The New Testament takes communion very seriously as well. In fact, it is so serious that Paul viewed it as a life and death matter. In I Corinthians 11 Paul declares that some people have “fallen asleep,” (i.e. died) because they participated unworthily in communion. While most pastors don’t go around scaring people away from taking communion with the threat of death, most churches do remind partakers that the matter is considered a very serious one. In light of this, participants are often reminded and encouraged to examine themselves before God and repent of sins prior to taking communion. I think this is a great practice and a somber reminder to reflect on our lives and the work of God. However, it seems quite apparent that this concept of general reflection and general repentance misses much of the weight of Paul’s admonishment.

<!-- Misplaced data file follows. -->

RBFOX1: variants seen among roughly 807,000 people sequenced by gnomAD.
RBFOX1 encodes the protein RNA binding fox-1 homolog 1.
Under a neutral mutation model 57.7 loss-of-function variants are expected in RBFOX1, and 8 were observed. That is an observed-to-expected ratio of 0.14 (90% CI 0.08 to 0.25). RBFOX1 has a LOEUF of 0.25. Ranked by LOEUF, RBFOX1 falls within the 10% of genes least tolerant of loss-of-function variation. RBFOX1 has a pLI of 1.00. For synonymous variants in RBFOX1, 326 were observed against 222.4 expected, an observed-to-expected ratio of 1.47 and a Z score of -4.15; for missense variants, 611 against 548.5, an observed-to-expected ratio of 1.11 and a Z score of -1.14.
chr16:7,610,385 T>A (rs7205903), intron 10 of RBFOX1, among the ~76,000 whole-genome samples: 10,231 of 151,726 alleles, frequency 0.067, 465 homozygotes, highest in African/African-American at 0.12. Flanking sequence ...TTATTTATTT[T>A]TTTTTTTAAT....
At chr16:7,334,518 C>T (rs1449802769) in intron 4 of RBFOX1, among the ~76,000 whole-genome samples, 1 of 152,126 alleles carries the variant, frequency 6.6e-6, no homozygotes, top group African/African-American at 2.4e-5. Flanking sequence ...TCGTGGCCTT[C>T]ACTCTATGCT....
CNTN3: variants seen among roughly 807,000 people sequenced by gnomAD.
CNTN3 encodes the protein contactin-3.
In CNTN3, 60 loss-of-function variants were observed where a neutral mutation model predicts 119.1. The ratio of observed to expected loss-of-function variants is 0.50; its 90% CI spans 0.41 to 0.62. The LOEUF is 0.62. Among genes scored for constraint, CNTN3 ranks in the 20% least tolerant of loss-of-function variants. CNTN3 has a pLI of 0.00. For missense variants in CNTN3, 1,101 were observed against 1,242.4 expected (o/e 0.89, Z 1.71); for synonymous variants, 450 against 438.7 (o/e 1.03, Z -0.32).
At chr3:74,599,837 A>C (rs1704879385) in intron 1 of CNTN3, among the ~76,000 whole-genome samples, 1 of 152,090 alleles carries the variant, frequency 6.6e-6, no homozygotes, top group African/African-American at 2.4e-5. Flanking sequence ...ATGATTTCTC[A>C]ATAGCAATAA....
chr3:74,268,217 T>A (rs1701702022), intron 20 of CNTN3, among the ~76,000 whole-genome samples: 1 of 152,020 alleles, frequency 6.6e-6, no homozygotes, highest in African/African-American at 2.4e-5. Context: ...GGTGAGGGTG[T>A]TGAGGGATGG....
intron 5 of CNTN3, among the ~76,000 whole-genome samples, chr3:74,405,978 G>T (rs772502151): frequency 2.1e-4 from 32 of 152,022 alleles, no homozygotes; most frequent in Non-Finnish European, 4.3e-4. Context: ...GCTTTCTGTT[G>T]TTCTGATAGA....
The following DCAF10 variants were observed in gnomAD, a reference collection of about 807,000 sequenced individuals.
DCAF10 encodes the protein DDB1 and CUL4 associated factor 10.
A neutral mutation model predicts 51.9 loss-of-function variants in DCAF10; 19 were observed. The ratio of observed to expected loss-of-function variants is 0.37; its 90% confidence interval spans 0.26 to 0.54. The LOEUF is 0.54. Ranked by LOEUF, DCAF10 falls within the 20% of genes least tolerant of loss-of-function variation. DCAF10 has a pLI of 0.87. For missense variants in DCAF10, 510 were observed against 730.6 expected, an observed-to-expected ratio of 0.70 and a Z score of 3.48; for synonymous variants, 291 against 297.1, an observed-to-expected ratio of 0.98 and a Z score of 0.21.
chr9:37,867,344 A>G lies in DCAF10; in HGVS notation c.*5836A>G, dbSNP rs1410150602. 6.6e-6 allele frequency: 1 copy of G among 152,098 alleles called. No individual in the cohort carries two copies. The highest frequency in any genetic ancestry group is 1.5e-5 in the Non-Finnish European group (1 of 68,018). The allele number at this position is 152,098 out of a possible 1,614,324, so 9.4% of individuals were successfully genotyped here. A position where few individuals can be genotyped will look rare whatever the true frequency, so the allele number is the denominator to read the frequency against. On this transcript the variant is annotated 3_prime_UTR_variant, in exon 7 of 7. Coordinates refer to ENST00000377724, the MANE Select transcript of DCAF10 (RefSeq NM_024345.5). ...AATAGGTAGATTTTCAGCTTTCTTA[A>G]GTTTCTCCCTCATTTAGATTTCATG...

I could only think of two instances in the New Testament where God judges Christians through death. The first instance, from Acts, was when Ananias and Sapphira are killed. The only other Christ followers I can think of which die as a result of judgment are the believer(s) who died as the result of improperly taking communion.